All Blacks coach Ian Foster delighted with ‘phenomenal’ leadership from players

All Blacks coach Ian Foster praised the “phenomenal” leadership from his senior players after they delivered an emphatic first-up 42-19 victory over Ireland at Eden Park on Saturday night to open their season in style.

The six tries to three victories was far from perfect, with the All Blacks effectively putting the game on ice with a four-try second-quarter burst, but it was pretty satisfying from where Foster sat after spending the entire buildup in isolation in his Waikato home.

Foster was one of four New Zealand coaches laid low by Covid-19 for the week, with three players also ruled out as well. He and his chief assistant, John Plumtree, both only joined the All Blacks on match day in Auckland, with the players making a point throughout the week of reaffirming that they had taken ownership of much of the buildup.

All Blacks loose forward Ardie Savea goes in for his second of his two tries against Ireland at Eden Park.

Marty Melville/Photosport

All Blacks loose forward Ardie Savea goes in for his second of his two tries against Ireland at Eden Park.

“It was the first test, and it’s good to have a good win under your belt,” said Foster of a largely impressive effort underpinned by a big-time response from his forwards. “We stated before this series was really big for us. When you look at the bigger picture it’s a chance to play a team we’ve got massive respect for, we know is doing really well and bringing them down here for three in a row is pretty special.

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“It started off well with the preparation we’ve had, with bodies after Super Rugby … given the short time period we just focused on enough to keep minds busy but not too much to get them cloudy. Overall I’m delighted.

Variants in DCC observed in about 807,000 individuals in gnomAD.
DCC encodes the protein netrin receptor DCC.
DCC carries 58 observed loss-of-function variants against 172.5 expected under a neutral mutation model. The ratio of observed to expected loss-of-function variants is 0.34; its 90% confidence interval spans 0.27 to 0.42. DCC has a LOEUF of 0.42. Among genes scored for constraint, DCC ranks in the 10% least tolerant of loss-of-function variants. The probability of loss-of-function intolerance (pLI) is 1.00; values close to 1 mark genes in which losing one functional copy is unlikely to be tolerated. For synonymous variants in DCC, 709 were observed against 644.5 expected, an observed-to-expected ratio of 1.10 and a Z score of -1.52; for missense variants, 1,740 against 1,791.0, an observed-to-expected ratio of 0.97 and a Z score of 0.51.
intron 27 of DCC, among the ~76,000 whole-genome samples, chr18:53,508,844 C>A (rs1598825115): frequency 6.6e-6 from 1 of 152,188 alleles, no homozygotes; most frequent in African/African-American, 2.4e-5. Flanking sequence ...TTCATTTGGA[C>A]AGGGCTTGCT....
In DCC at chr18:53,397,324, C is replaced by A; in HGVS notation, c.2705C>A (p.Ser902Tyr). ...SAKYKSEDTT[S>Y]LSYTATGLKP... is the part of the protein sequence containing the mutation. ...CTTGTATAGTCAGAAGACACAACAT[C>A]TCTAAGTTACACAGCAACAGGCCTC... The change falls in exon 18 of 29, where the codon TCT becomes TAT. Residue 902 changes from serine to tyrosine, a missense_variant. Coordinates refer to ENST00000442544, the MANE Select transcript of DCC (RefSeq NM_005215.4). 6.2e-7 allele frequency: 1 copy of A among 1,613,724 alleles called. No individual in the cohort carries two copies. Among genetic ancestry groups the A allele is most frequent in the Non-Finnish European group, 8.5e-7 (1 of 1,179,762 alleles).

“I thought the work of Sam [Cane] and our leaders this week was phenomenal. They took on a big load, and [assistant coach] and Brad [Mooar] did an awesome job on the ground. It was a very unique week, and to be involved in coaching an All Blacks team from Zoom at home and still be married at the end of the week, I’m pretty satisfied.”

Replacement No 8 Pita Gus Sowakula celebrates his try on debut for the All Blacks against Ireland at Eden Park.

Greg Bowker/Getty Images

Replacement No 8 Pita Gus Sowakula celebrates his try on debut for the All Blacks against Ireland at Eden Park.

But Foster also felt the Irish showed enough in defeat to confirm they remain very much a contender in this series. They forced the All Blacks to make 191 tackles, won nearly 60 percent of the ball and were held up three or four times over the New Zealand line. The second half played out with two tries a piece, and the home side soaking up plenty of pressure.

“I thought we saw a very determined Irish team tonight,” added Foster. “They would have had enough glimpses of good moments in that first quarter in particular, and the way they finished, to walk away with a bit of hope.

“While we were ruthless with where we scored points, we were put under a lot of pressure, and particularly defensively I would have just given us just a pass mark. I thought our goal-line stuff was excellent, but we allowed them too many opportunities to get in behind us.”

But Foster did have praise for stand-in No 6 Scott Barrett, who led the All Blacks with 20 tackles, as well as a little dig at the critics who questioned the wisdom of repeating the failed World Cup semifinal experiment of 2019.

“He’s a good footballer, and we thought one of the form forwards of Super Rugby,” said the coach. “I know most of that form was at lock, and a little bit at 6. It was a role that suited us today. He carries well, he defends well, and contributed to a pretty good set piece.

“He should be pretty proud of it. There was a bit of circumstance around the selection, and it certainly sped up an idea we’ve had in that space. Hopefully there’s another game now for everyone to talk about rather that the other one they talk about when he played 6.”

Foster also had no issue with the 42% possession his team was reduced to on a night when the Irish applied plenty of pressure.

“It’s not a target we chase,” he said. “Possession is not always an indicator of the game you want to play, and probably the 8% we were short was all those pick and goes near the goal-line that seemed to go on and on forever. Overall I think how we used our ball today was pretty effective and that’s more important for us.”

The two sides will both head to Dunedin on Sunday for next Saturday’s second test in the series, with Ireland still chasing their first ever victory in New Zealand.

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